Sciencemadness Discussion Board

Citric acid for A/B titrations

mycotheologist - 24-11-2012 at 13:27

I need to determine the concentration of an ammonia solution but I have no acids of known concentration. I have pure solid citric acid though, what I'm wondering is the stoichiometry. Citric acid has two carboxyl groups so will it react with ammonia in a 2:1 ratio? I know with H2SO4, the acidity drops significantly after the first proton is removed so it often forms the bisulfate salt rather than the sulfate salt. I'm wondering if the same applies for citric acid which doesn't have geminal protons.

Vargouille - 24-11-2012 at 13:58

Citric acid has three carboxyl groups. I wouldn't recommend using a weak acid to titrate a weak base, as it's quite a bit more complex. A triprotic weak acid is even worse. Like all other polyprotic acids, the acidity does drop with each successive deprotonation. This is due to coulombic forces: as the molecule become more negatively charged, it is more difficult to deprotonate it.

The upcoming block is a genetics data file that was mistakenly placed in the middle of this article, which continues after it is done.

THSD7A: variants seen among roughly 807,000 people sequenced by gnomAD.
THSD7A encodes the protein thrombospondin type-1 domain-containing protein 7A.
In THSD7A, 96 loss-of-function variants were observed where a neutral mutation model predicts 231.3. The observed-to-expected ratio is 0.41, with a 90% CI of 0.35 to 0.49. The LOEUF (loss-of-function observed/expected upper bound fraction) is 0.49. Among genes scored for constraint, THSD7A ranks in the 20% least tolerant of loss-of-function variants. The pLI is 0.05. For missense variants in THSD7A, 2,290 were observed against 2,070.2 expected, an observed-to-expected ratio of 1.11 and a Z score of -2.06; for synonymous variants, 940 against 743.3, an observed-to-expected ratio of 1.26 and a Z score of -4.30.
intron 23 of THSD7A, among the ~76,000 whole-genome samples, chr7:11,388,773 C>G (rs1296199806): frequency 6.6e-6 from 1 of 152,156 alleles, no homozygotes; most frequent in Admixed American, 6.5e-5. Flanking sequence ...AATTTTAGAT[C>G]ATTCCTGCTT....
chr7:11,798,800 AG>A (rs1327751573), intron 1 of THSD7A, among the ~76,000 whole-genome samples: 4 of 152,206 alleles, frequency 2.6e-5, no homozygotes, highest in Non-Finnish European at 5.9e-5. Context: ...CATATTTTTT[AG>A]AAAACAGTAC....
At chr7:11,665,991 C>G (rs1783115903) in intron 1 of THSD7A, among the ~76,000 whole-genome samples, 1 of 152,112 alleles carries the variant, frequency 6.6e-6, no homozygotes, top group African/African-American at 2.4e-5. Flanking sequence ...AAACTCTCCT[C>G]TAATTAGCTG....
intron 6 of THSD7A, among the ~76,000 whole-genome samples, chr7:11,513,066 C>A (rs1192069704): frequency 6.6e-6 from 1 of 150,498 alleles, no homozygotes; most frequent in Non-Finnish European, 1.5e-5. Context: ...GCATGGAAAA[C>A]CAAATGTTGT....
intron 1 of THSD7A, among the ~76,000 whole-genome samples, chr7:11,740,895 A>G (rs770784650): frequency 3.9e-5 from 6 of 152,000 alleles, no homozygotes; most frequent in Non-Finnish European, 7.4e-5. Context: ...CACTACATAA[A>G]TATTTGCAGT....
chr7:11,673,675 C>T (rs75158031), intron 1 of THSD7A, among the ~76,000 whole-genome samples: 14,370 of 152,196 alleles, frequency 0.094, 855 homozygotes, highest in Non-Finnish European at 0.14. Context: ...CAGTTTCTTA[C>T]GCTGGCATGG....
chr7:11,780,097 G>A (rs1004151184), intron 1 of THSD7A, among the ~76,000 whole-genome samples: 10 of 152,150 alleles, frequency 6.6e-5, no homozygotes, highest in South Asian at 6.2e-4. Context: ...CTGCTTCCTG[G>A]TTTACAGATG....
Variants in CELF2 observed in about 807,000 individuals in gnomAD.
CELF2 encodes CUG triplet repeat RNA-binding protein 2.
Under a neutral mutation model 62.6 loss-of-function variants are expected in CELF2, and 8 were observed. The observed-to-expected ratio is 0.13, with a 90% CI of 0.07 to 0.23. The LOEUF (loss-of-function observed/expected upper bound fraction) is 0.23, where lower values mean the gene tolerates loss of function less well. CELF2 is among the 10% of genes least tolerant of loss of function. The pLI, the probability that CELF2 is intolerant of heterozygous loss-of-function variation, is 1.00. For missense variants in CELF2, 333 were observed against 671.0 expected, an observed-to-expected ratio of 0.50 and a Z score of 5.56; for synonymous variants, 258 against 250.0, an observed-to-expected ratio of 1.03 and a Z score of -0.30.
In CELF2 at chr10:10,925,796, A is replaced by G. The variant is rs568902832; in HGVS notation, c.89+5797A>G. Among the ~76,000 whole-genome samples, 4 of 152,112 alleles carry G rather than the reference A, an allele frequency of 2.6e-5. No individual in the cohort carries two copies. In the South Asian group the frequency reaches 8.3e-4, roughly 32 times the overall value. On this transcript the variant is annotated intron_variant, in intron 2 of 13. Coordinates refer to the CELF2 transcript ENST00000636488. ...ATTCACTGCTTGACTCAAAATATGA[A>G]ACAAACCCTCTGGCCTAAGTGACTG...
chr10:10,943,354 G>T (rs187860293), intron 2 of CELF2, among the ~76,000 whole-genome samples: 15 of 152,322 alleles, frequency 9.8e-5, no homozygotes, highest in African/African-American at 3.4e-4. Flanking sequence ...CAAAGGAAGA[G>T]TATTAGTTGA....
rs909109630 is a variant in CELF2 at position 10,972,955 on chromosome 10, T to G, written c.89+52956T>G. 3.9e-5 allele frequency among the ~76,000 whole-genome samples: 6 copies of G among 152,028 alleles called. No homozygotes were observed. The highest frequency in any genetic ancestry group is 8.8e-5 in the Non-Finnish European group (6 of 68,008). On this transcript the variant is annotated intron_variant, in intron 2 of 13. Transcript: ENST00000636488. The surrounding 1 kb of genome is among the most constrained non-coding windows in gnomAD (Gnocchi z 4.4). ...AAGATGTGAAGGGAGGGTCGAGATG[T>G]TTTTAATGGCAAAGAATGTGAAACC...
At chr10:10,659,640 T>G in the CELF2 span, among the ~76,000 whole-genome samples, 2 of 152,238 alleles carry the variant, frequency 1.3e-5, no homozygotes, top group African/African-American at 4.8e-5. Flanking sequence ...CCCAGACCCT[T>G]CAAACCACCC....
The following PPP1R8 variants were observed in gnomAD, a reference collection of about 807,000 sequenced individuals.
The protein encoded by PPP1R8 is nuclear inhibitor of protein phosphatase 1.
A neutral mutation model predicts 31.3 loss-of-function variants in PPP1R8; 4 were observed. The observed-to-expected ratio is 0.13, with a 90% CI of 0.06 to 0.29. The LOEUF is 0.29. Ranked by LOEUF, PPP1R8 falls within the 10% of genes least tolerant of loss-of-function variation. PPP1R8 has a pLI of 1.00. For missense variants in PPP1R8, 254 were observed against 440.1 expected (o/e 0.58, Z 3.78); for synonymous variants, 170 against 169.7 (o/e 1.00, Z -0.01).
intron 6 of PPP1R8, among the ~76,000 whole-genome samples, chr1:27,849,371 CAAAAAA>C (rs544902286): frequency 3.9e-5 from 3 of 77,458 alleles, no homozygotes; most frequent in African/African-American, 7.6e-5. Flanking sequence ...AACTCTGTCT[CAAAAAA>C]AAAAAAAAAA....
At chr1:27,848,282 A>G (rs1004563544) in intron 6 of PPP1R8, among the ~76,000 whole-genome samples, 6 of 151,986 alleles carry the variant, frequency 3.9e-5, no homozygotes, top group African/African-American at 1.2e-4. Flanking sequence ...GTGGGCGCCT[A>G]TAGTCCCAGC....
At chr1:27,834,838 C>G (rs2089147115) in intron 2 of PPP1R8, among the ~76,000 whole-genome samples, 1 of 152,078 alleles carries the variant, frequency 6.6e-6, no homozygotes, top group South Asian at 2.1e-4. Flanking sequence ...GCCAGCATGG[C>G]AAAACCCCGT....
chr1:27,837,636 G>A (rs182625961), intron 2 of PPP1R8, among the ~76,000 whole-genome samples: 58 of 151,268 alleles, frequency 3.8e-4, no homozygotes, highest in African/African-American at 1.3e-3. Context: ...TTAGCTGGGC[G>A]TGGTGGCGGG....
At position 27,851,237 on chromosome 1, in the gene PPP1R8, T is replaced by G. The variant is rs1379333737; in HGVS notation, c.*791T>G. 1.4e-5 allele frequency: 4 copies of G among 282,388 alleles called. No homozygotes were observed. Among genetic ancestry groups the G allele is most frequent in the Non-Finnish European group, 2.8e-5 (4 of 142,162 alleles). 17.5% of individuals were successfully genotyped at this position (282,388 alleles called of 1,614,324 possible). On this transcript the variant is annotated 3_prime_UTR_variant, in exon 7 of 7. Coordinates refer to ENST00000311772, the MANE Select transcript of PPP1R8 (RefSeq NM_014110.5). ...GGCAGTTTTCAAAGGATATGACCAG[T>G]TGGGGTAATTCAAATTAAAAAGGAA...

In any case, the best solution is to get a strong acid of known concentration and preform the titration with that. Unless it's an assignment to use the weak acid, in which case I wish you luck.

arsphenamine - 24-11-2012 at 14:21

Yes, what he said.

Since you can dry and weigh sodium carbonate reproducibly, make a ~1M solution from as your standard.

Then titrate your acid standard (say ~1M HCl) from the Na2CO3 standard. Titration is done around pH 7 when CO2 effervescence stops.

Knowing your acid concentration, you can titrate the ammonia solution.

A good overview is here.

Alternatively, measure the ammonia solution with a pH meter, and do the complex equilibrium calculation accordingly.

[Edited on 24-11-2012 by arsphenamine]